I am an experimental particle physicist, traveler, teacher, researcher, scientist and communicator of ideas.
I am a quarkist and a bit quirky ! Hypothesis non fingo, eppur si muove, dubito cogito ergo sum are things that turn me on !
Researcher in experimental high energy physics (aka elementary particle physics; like “quarks, leptons & mesons and baryons”) … Teacher of Physics (and occasionally chemistry and maths) Blogger (check my website; mdashf.org) !
Love to read read and read but only stuff that interest me. Love to puff away my time in frivolities, just dreaming and may be thinking.
Right now desperately trying to streamline myself.
i. We assume a dilute gas which is enclosed by a thermally insulated container on all sides.
Dilute gas in a thermally insulated container: Dilute means concentration of gas molecules is low. Insulated implies there is no reasonable flow of heat energy across the walls of the container.
ii. Each molecule is assumed to be a hard sphere which moves randomly in all directions such that its velocity vary from – infinity to + infinity.
Hard sphere: Remember a hard sphere is a classical analogy of a rigid sphere whose surfaces do not deform when an external object comes into contact. This essentially means the incoming object is scattered elastically that is without loss of kinetic energy, only momenta magnitude and directions are changed in accordance with the conservation of linear momentum.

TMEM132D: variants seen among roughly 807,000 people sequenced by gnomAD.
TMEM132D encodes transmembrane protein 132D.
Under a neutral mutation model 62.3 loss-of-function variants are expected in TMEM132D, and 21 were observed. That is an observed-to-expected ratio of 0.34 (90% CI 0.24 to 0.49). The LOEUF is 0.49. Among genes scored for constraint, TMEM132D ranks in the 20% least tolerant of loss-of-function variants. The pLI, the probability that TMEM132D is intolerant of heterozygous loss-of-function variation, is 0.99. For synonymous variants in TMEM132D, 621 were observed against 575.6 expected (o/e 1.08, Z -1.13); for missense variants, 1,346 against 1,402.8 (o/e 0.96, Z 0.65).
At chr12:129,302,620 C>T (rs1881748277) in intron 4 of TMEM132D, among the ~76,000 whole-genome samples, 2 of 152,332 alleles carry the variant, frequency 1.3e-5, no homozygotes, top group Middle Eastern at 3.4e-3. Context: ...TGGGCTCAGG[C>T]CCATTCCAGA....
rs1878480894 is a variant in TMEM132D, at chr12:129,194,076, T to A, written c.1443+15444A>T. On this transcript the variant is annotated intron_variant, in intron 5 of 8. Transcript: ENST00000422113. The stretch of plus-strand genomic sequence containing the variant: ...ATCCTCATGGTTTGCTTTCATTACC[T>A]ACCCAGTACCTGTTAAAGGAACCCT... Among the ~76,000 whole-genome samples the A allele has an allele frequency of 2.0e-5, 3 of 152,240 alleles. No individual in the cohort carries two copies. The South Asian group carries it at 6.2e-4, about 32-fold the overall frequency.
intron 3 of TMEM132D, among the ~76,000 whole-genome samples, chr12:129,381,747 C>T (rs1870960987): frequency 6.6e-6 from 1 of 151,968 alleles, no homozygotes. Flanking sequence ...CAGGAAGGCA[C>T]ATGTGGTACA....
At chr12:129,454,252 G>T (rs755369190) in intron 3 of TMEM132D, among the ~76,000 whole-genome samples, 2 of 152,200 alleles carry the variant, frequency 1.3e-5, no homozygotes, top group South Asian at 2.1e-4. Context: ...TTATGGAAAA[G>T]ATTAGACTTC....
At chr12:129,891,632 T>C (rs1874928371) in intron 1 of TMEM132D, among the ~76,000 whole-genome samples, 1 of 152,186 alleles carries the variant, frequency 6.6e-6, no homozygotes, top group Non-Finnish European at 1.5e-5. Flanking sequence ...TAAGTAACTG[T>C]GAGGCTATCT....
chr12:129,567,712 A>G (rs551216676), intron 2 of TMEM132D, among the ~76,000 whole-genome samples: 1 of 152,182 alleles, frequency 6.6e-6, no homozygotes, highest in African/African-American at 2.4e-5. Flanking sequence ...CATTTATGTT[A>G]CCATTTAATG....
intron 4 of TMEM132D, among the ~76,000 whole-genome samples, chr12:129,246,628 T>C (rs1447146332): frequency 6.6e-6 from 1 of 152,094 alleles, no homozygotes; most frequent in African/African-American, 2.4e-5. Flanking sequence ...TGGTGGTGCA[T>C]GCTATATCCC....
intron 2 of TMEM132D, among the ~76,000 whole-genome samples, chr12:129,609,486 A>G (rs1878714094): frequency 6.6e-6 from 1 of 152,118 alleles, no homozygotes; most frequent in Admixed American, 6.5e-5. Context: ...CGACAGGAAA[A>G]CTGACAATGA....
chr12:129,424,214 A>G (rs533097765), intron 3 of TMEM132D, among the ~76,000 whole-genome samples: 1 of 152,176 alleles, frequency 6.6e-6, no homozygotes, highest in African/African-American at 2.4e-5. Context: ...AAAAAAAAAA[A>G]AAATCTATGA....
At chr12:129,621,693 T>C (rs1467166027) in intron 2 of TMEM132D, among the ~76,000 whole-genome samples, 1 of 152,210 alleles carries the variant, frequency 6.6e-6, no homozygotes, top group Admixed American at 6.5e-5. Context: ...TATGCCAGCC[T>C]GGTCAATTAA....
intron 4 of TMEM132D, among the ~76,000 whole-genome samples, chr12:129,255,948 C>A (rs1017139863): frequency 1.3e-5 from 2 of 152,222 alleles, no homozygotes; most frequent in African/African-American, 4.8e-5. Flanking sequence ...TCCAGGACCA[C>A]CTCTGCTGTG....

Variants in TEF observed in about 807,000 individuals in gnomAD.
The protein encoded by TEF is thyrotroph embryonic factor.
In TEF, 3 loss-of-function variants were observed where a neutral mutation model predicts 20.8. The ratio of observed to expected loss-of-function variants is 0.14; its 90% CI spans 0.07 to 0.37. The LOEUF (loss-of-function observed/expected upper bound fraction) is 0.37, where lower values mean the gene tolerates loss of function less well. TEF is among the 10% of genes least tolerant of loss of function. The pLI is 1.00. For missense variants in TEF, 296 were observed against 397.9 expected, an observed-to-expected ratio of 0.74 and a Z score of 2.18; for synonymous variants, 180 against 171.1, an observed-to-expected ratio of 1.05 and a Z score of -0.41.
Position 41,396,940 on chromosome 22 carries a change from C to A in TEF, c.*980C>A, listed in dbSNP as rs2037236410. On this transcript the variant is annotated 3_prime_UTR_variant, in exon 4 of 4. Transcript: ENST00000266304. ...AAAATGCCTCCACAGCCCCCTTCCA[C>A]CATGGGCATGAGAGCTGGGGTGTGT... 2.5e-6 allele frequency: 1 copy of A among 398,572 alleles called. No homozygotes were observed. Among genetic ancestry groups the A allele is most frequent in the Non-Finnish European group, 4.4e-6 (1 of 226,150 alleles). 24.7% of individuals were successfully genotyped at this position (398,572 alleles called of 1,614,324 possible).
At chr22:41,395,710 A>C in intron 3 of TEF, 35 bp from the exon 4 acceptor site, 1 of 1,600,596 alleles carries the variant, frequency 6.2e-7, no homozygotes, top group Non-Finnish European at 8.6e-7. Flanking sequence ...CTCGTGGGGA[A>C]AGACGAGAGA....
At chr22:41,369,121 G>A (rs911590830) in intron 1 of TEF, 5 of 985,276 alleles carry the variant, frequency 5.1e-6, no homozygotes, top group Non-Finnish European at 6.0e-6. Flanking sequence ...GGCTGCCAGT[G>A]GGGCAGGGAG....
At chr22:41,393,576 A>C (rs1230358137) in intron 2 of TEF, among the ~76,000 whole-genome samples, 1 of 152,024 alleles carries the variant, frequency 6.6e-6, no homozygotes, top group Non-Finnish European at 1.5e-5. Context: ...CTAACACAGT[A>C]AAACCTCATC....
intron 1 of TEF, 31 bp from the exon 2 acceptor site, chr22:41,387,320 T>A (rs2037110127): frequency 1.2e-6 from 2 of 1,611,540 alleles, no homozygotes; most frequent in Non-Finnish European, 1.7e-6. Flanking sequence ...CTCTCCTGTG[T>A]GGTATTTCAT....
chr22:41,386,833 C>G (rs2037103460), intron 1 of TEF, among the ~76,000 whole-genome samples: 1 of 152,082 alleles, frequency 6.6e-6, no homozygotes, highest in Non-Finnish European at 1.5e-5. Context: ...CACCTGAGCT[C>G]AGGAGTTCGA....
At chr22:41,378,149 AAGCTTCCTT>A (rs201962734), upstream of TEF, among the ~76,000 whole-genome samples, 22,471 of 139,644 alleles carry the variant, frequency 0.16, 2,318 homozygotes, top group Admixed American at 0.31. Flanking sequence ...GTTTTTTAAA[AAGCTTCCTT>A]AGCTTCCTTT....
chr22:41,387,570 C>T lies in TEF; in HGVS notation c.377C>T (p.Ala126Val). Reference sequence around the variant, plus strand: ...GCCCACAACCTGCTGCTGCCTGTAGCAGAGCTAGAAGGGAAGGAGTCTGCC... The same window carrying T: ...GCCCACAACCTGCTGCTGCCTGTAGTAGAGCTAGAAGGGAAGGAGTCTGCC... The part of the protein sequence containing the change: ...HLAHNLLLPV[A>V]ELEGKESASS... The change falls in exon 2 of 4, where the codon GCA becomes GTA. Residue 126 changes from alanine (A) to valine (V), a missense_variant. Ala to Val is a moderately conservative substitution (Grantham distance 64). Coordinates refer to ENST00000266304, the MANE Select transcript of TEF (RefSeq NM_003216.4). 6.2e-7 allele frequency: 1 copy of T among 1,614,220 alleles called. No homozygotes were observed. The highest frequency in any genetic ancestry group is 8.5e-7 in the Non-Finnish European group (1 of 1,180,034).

iii. When molecules collide they do not lose energy or time. They bounce off each other so that ‘energy’ and ‘momenta’ are conserved.
We would like to obtain an expression for velocity distribution function. That is we would like to know the fraction of molecules having velocity between v to v+dv for all possible values of velocity.
For this we assume an ensemble of molecules in equilibrium. The ratio of number of molecules in a velocity range to the total number of molecules N gives the probability of finding a molecule in that velocity range.
v. The “phase space” of the ensemble of molecules is defined by a 6 N dimensional space, which constitutes of 3 N spatial components and 3 N velocity components of the N molecules in equilibrium. For a more advanced concept of phase space check the following statistical mechanics lecture.
If you would like to become a nuclear physicist, what you would like to know about the nucleus first?
A. structure of the nucleus
Every atom consists of a dense positive central core of mass, known as nucleus. Its size is much smaller compared to the size of the atom, nut nonetheless it contains almost all of the mass of the atom.
The nucleus is made of only neutrons and protons. — These are collectively known as nucleons.
Nucleons are not the smallest constituents of matter. — In-fact nucleons are made of different combinations of 3 quarks, of which only two of the quarks can be of the same type.
Combinations of 3 quarks which form into a bound state of material system are known as baryons. We will study about baryons in the last part of this lecture series.
Thus baryons are a naturally occurring collective matter, built from 3 quarks, where the 3 quarks interact among each other, but can’t escape this bound state of formation, even under the impact of tremendous force.